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What Is Your Personal Disability Quotient?

The faltering economy has left many people worried about keeping their jobs. But too few Americans consider another possibility -- that a disability could leave them unable to work.

Accidents or illness can happen to anyone at any time. According to the Council for Disability Awareness (CDA), one in seven workers can expect to be disabled for five years or more before retirement. According to the Social Security Administration, three in 10 workers entering the workforce today will become disabled.

A disability that forces a person to miss work can make them financially vulnerable. With many Americans struggling simply to stay afloat, the inability to work can be devastating. Even temporary disability can jeopardize savings, retirement funds and homes.

"We are currently facing many economic challenges, and it's important that people don't lose sight of or fail to recognize the threat that disability can pose to their financial security," said Bob Taylor, president of CDA. "Never has it been more important for people to be mindful of the chances they face of suffering an illness or accident and thus losing the ability to earn an income. Never has the ability to earn an income been more important."

To help people realize their risk of disability, the CDA created its new disability estimator, designed to determine an individual's Personality Disability Quotient (PDQ), the percentage chance a person has of an illness or injury forcing them to miss work. The PDQ estimator, found at the Web site www.WhatsMyPDQ.org, calculates a person's chances of becoming disabled for an extended period of time. The PDQ also helps users see how much income they could lose, so they can financially plan for disability.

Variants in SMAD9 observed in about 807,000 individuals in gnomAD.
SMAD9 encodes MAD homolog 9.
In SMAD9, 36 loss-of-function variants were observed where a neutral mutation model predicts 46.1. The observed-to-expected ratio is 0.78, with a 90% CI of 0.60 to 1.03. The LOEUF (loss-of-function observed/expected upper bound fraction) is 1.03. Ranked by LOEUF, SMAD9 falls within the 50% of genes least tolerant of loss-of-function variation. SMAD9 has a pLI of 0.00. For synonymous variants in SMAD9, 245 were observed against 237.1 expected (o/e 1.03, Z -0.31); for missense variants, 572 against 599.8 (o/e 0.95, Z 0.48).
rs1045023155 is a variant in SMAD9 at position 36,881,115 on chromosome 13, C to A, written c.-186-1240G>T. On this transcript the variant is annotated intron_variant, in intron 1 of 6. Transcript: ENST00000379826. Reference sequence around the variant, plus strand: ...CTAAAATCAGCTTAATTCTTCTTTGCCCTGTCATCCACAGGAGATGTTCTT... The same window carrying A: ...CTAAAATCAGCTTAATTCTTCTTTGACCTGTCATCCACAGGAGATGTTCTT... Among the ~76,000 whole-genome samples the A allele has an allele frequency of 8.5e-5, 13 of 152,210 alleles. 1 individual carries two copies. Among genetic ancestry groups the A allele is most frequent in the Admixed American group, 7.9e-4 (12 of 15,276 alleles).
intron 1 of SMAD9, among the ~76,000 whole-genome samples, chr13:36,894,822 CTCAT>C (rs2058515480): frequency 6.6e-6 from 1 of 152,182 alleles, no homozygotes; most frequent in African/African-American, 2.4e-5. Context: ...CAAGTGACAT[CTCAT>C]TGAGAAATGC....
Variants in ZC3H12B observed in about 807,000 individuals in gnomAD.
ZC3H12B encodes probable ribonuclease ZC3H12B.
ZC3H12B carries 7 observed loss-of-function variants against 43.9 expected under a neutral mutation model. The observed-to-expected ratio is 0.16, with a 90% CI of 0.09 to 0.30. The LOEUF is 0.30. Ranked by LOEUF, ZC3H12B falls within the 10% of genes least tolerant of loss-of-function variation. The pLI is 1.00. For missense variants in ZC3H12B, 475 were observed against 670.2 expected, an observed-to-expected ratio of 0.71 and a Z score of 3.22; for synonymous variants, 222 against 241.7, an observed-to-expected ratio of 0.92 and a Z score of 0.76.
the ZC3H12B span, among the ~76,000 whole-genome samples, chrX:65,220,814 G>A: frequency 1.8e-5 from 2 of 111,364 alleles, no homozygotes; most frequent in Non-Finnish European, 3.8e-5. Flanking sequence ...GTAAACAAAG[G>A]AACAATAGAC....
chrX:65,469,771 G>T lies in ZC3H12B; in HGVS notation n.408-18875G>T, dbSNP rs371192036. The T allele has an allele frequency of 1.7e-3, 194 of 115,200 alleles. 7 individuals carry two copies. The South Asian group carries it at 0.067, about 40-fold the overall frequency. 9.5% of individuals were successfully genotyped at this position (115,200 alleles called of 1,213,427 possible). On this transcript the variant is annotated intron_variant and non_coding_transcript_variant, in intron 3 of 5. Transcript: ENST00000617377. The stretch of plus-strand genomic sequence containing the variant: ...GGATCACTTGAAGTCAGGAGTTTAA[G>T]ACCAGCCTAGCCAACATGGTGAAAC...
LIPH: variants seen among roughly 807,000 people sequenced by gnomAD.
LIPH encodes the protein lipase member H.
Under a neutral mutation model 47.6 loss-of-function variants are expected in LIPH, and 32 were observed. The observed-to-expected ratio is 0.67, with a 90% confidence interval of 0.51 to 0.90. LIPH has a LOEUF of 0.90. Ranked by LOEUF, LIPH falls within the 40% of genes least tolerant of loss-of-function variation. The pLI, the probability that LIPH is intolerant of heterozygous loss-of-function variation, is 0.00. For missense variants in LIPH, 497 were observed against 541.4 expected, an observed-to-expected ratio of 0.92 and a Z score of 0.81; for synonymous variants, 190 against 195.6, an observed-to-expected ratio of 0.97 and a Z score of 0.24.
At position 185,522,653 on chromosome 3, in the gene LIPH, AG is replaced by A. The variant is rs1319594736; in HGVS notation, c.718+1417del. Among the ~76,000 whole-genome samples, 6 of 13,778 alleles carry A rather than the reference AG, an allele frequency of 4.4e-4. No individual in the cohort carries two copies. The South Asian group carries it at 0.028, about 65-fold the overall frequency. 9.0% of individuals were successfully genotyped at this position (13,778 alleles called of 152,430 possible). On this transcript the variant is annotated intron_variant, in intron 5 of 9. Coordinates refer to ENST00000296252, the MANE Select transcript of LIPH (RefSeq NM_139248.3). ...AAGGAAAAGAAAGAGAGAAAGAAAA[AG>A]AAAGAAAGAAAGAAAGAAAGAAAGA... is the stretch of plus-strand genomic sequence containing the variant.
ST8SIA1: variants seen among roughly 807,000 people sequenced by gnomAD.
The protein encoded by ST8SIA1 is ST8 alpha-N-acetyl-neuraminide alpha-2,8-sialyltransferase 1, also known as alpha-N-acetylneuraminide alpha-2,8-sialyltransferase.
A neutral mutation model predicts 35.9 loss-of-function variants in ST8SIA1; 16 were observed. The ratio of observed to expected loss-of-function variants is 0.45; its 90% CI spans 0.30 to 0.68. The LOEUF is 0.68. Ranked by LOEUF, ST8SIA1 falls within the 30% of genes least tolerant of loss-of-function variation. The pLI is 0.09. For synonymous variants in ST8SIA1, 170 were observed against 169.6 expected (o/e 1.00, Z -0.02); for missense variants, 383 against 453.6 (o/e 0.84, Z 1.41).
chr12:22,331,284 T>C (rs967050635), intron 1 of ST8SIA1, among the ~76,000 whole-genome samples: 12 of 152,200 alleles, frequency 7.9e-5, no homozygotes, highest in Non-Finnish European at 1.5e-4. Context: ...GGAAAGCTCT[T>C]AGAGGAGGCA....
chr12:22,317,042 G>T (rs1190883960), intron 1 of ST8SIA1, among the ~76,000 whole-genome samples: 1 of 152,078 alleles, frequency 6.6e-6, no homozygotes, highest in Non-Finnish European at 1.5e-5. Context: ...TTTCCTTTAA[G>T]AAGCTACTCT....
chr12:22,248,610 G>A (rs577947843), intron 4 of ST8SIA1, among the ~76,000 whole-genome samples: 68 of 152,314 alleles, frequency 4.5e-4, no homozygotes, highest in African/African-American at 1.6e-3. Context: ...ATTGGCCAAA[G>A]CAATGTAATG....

All Americans should make sure that they can cover their bills, make house and car payments and continue paying money into their retirement accounts in the case of a disability. Individuals can also take steps to lower their chances of disability, like receiving regular check-ups, quitting smoking, maintaining a healthy lifestyle and taking everyday precautions -- some as simple as using their seat belt. It's important for all Americans to be engaged in disability planning.

For more information about preparing for disability, visit www.disabilitycanhappen.org.

Visit the CDA website for more information: www.disabilitycanhappen.org
 
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